Linda's score: 4.3/5.0

Dirty Laundry
 by Disha Bose takes place in Ireland where three women and their children interact in ways that are seemingly pleasant, but with underlying animosity and distrust. It's about love and distrust.

Ciara is the beautiful mom with the perfect family and gorgeous home that are Instagram-worthy; Mishti is the quiet mother from Calcutta who adores her daughter, but has a not-so-perfect, arranged marriage; and Lauren is the unmarried, laid-back mom ("earth mom") with three children whose partner is a great dad.

Yet as nice as this all looks from the outside, every one of them has a reason to dislike and resent Ciara whose well-planned, picture book life is falling apart.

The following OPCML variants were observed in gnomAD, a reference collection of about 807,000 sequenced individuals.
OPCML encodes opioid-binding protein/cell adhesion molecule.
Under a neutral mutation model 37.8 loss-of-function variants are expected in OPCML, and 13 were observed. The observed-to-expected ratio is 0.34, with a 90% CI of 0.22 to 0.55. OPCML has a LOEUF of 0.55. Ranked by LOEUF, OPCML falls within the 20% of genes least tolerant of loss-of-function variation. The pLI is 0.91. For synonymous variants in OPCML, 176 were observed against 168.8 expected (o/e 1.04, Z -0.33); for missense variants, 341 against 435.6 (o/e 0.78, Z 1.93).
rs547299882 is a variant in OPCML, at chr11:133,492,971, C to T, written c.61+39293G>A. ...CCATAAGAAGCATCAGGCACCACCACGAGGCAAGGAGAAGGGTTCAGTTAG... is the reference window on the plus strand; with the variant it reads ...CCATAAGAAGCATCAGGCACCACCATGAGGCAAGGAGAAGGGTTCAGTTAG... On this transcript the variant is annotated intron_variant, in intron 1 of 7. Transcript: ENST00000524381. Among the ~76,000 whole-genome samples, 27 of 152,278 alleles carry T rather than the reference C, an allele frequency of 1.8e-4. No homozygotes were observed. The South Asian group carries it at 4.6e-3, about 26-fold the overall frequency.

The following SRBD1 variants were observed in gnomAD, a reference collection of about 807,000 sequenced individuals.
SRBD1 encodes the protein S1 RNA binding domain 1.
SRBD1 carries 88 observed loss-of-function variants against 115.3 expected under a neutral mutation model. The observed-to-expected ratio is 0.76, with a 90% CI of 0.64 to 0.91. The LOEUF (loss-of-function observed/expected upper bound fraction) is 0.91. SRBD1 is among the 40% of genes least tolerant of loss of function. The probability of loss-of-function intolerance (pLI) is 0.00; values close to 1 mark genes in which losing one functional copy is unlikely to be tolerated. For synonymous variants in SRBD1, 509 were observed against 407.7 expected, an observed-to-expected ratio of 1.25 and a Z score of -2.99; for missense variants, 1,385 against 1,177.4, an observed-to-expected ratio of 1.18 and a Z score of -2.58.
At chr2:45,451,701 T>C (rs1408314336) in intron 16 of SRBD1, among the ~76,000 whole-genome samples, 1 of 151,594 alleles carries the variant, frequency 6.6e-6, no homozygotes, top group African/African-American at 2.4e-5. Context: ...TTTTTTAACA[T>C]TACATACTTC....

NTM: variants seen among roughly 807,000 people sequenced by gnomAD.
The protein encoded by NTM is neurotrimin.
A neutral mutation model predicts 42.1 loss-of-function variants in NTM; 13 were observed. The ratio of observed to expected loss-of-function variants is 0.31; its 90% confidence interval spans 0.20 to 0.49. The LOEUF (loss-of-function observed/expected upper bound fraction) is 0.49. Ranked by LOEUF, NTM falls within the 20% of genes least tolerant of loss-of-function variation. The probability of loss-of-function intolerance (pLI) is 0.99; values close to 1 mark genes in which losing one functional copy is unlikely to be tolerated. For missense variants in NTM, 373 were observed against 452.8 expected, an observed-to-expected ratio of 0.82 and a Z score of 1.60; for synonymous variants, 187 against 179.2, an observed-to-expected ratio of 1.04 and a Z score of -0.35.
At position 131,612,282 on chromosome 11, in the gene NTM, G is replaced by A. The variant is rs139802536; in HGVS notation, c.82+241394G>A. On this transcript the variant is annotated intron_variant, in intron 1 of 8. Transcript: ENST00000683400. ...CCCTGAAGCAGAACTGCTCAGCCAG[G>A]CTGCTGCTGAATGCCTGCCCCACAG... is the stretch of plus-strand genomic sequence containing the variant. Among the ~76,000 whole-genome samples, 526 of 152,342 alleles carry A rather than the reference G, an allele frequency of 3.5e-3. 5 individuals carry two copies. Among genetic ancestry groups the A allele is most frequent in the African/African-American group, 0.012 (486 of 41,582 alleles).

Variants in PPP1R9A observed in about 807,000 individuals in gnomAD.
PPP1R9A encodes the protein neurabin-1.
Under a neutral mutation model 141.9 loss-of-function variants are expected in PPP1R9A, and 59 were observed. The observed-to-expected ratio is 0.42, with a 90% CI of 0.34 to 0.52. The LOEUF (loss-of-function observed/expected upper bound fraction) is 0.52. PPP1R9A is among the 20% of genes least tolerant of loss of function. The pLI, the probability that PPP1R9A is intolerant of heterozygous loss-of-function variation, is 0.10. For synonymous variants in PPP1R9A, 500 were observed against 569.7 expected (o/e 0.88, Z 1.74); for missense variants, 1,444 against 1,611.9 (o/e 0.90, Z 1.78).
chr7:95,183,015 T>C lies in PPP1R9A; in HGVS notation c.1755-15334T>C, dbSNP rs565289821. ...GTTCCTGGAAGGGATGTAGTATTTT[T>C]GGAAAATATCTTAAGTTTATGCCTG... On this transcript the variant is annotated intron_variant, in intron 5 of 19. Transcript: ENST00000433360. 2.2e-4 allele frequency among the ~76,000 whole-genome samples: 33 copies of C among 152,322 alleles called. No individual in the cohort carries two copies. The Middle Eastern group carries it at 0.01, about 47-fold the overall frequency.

Linda's score: 3.9/5.0

Today's daily devotional and prayer is just what I need. Maybe you too? Linda

Thursday, July 20, 2023

Max Quilt Using Rotary Cutting Rulers

I'm thrilled to call this a pieced top! What a juggle it was to put together! While the block arrangement seemed simple enough, and truthfully, it came together more quickly than I would have though, cobbling it was a challenge.
pieced quilt, 70" X 86'

How did I make it difficult for myself?

Well, though all the units are based on 4" squares... 
  • 29 - 4" X 4" Drunkard's Path blocks, cut using a Classic Curves Ruler
  • 91 - 4" X 4" triangle-in-a-square blocks, cut using a Bloc-Loc Ruler
  • 84 - 4" X 8" and.
  • 138 - 2" X 4" half-rectangle triangles, cut using a HuRTy rule
(Yes, this quilt was made with three different rotary cutter rulers!) 

... I multiplied several of the 2" X 4" square half-rectangle triangle into 6" triplet units instead - see units circled in red. Three 2"-wide half-rectangle triangles equal 6". Though mixing up the design like this looks good - more random - arranging and piecing the resulting misaligned units gave me angst.